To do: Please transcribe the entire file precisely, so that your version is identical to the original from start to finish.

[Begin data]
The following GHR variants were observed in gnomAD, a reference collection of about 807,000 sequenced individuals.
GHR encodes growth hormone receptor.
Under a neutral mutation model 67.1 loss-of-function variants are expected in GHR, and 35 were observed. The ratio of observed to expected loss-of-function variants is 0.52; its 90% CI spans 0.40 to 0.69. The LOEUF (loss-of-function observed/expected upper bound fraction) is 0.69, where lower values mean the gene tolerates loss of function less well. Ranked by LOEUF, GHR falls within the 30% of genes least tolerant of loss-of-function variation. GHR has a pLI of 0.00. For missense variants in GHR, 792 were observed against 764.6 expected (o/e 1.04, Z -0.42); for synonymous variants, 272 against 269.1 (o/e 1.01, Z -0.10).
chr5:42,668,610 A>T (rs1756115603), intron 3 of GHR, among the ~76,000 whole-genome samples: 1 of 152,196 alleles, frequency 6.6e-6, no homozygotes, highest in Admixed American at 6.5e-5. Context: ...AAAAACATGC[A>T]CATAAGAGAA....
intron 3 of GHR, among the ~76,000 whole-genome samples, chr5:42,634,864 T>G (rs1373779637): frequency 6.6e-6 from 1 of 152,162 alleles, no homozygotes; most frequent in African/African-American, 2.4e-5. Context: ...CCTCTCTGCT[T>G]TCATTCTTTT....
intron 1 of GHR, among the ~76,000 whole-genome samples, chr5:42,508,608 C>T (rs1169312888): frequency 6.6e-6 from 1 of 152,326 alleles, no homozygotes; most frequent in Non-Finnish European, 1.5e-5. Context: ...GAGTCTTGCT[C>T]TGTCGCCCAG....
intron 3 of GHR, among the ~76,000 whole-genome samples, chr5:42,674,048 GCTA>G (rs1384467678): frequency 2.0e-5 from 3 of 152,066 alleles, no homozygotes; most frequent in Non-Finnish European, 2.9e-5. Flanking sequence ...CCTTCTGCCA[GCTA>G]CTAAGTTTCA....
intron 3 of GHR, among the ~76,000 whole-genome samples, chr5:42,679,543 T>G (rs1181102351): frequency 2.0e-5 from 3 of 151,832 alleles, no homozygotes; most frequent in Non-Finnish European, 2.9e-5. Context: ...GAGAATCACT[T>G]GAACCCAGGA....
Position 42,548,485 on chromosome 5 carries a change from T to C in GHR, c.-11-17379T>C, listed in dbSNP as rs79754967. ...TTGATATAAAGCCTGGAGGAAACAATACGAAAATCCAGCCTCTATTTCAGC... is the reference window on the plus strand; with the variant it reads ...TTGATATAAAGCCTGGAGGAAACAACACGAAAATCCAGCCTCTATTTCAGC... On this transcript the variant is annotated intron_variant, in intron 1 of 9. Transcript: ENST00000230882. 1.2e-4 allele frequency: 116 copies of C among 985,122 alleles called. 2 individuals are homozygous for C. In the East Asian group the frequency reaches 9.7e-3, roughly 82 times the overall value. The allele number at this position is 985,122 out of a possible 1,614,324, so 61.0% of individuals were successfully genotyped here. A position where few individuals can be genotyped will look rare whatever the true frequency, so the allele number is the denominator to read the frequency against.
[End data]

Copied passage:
The following GHR variants were observed in gnomAD, a reference collection of about 807,000 sequenced individuals.
GHR encodes growth hormone receptor.
Under a neutral mutation model 67.1 loss-of-function variants are expected in GHR, and 35 were observed. The ratio of observed to expected loss-of-function variants is 0.52; its 90% CI spans 0.40 to 0.69. The LOEUF (loss-of-function observed/expected upper bound fraction) is 0.69, where lower values mean the gene tolerates loss of function less well. Ranked by LOEUF, GHR falls within the 30% of genes least tolerant of loss-of-function variation. GHR has a pLI of 0.00. For missense variants in GHR, 792 were observed against 764.6 expected (o/e 1.04, Z -0.42); for synonymous variants, 272 against 269.1 (o/e 1.01, Z -0.10).
chr5:42,668,610 A>T (rs1756115603), intron 3 of GHR, among the ~76,000 whole-genome samples: 1 of 152,196 alleles, frequency 6.6e-6, no homozygotes, highest in Admixed American at 6.5e-5. Context: ...AAAAACATGC[A>T]CATAAGAGAA....
intron 3 of GHR, among the ~76,000 whole-genome samples, chr5:42,634,864 T>G (rs1373779637): frequency 6.6e-6 from 1 of 152,162 alleles, no homozygotes; most frequent in African/African-American, 2.4e-5. Context: ...CCTCTCTGCT[T>G]TCATTCTTTT....
intron 1 of GHR, among the ~76,000 whole-genome samples, chr5:42,508,608 C>T (rs1169312888): frequency 6.6e-6 from 1 of 152,326 alleles, no homozygotes; most frequent in Non-Finnish European, 1.5e-5. Context: ...GAGTCTTGCT[C>T]TGTCGCCCAG....
intron 3 of GHR, among the ~76,000 whole-genome samples, chr5:42,674,048 GCTA>G (rs1384467678): frequency 2.0e-5 from 3 of 152,066 alleles, no homozygotes; most frequent in Non-Finnish European, 2.9e-5. Flanking sequence ...CCTTCTGCCA[GCTA>G]CTAAGTTTCA....
intron 3 of GHR, among the ~76,000 whole-genome samples, chr5:42,679,543 T>G (rs1181102351): frequency 2.0e-5 from 3 of 151,832 alleles, no homozygotes; most frequent in Non-Finnish European, 2.9e-5. Context: ...GAGAATCACT[T>G]GAACCCAGGA....
Position 42,548,485 on chromosome 5 carries a change from T to C in GHR, c.-11-17379T>C, listed in dbSNP as rs79754967. ...TTGATATAAAGCCTGGAGGAAACAATACGAAAATCCAGCCTCTATTTCAGC... is the reference window on the plus strand; with the variant it reads ...TTGATATAAAGCCTGGAGGAAACAACACGAAAATCCAGCCTCTATTTCAGC... On this transcript the variant is annotated intron_variant, in intron 1 of 9. Transcript: ENST00000230882. 1.2e-4 allele frequency: 116 copies of C among 985,122 alleles called. 2 individuals are homozygous for C. In the East Asian group the frequency reaches 9.7e-3, roughly 82 times the overall value. The allele number at this position is 985,122 out of a possible 1,614,324, so 61.0% of individuals were successfully genotyped here. A position where few individuals can be genotyped will look rare whatever the true frequency, so the allele number is the denominator to read the frequency against.